Igniting The American Revolution by Derek Beck takes the reader from the Boston Tea Party in 1773 to the Americans taking Fort Ticonderoga and then control of Lake Champlain in 1775. Only 270 pages, it’s a quick read through a fast-paced set of key events which propelled colonial America to war.
The beginning scene is what was then known as The Destruction of the Tea. The author explains how this was a protest that had a global impact and was conducted with the discipline of a military exercise. No one was allowed to steal any of the tea and the one who tried was quickly stopped and removed. We don’t have protests like that anymore.
The result of The Destruction of the Tea was Boston was put into a military controlled lockdown. General Thomas Gage, the British governor of Massachusetts, is a major figure who the author treats fairly. His control over Boston is described as strong but never exceedingly harsh. While some of the soldiers behaved in ways that no one could defend, General Gage held his officers to the highest standards.
Other major figures in the book are heroic Paul Revere and traitorous Benjamin Church. Revere is properly described as brave, selfless and honest. His ride from out of Boston across the water to Charlestown then on to Lexington is one of most important events in American history and the author gives it its due credit. Also credited is Revere’s network of spies that had eyes on the British from Boston harbor to the outskirts of Charlestown. Revere and his network sounded the alarm in the countryside that the redcoats were coming. Note; it is unlikely Revere was saying the “British are coming” and the author rightly points this out.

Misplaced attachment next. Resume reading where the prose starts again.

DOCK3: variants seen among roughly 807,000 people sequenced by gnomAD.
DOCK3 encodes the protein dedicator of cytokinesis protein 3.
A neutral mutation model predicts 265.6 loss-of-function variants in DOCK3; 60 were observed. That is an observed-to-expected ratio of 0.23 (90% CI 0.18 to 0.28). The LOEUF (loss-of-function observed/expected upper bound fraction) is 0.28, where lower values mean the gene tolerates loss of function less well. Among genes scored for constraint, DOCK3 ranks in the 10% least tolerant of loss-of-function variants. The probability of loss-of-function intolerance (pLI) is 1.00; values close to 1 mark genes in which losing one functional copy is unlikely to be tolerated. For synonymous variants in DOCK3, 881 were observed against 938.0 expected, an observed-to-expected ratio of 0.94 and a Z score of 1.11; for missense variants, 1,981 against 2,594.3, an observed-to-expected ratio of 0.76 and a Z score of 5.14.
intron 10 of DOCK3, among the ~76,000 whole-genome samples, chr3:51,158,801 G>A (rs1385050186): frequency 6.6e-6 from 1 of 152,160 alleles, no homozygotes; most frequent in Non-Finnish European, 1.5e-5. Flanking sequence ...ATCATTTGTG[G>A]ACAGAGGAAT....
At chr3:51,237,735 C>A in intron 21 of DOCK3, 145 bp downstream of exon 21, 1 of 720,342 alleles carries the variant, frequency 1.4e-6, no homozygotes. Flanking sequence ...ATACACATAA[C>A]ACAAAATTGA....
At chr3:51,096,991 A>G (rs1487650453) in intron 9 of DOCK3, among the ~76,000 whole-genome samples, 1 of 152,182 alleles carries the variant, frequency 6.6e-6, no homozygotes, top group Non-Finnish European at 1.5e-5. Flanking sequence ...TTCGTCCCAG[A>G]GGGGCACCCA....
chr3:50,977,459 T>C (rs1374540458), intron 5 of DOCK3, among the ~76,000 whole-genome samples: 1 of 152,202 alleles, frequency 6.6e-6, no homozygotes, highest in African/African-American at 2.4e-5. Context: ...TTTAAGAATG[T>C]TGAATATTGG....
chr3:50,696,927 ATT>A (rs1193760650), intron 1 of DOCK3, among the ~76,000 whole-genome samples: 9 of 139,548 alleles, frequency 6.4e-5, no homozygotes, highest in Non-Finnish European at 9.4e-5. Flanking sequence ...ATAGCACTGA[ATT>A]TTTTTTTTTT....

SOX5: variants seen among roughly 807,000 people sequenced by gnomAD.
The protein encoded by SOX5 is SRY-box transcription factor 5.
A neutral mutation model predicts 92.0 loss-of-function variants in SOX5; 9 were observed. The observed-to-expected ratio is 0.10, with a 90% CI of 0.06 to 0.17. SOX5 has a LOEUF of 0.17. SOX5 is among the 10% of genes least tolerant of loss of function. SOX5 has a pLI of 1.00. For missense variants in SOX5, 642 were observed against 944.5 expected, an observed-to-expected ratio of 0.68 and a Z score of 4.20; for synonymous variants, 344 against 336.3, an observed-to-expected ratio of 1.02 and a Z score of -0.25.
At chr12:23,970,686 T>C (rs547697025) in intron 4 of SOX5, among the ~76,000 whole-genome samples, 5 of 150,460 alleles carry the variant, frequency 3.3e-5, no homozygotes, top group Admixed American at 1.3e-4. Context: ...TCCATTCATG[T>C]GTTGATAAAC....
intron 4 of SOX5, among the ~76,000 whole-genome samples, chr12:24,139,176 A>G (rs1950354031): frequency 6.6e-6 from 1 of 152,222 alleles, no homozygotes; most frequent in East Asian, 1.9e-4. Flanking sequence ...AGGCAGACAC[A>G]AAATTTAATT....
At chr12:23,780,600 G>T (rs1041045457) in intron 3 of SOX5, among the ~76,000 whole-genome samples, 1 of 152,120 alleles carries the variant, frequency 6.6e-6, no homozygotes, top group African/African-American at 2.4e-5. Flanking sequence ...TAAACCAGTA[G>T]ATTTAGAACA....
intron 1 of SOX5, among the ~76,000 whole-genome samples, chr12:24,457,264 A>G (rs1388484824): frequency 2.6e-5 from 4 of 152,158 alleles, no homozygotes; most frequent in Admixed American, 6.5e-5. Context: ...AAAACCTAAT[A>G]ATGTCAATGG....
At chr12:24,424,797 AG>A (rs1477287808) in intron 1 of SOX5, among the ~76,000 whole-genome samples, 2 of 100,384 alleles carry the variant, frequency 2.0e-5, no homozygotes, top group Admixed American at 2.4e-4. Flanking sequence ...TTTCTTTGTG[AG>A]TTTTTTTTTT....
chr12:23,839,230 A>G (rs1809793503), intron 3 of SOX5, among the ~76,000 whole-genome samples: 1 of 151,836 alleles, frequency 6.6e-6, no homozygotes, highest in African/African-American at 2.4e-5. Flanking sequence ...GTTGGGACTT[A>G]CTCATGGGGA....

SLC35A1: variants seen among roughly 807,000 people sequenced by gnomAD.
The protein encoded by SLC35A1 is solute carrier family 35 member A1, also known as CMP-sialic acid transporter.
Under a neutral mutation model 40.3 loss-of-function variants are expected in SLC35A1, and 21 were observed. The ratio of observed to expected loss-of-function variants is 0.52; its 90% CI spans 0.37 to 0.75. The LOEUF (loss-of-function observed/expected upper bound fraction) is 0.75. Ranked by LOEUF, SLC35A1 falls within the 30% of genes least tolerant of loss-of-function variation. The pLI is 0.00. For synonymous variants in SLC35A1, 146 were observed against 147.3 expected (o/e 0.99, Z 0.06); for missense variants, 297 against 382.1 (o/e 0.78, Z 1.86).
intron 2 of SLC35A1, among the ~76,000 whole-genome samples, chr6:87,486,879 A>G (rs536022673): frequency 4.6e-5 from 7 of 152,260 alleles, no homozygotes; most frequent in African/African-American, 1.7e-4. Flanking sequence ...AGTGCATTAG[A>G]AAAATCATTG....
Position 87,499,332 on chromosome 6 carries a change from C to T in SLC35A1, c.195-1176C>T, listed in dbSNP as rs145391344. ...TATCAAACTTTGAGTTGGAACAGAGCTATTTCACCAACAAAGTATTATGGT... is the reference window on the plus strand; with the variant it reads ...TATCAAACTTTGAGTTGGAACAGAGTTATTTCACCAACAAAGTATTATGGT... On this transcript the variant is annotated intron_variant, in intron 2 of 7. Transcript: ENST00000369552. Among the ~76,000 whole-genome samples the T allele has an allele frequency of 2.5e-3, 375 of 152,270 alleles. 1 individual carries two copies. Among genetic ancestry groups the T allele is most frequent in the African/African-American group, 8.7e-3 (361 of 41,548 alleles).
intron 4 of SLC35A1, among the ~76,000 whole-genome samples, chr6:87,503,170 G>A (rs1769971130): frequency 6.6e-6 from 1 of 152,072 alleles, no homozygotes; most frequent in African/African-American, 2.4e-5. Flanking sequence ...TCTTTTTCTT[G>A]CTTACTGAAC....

Church was also part of a spy network, but for the other side. He gave intelligence to the British and likely directly to Gage himself. His treachery is listed throughout.
The most detail can be found in the descriptions of the military structure on both sides and in their movements engaging each other first at Lexington and then at Concord. Greater detail is offered in a lengthy appendix section (14 in all).
The title suggests a comprehensive account of the lead-up to war, but the attention hardly leaves New England. As a Virginian I was not expecting this but don’t take this as criticism because keeping things in Massachusetts allowed the book to flow very smoothly from the key events of the Boston Tea Party to the first shots of the war at the battle of Lexington and Concord.
This is an outstanding book.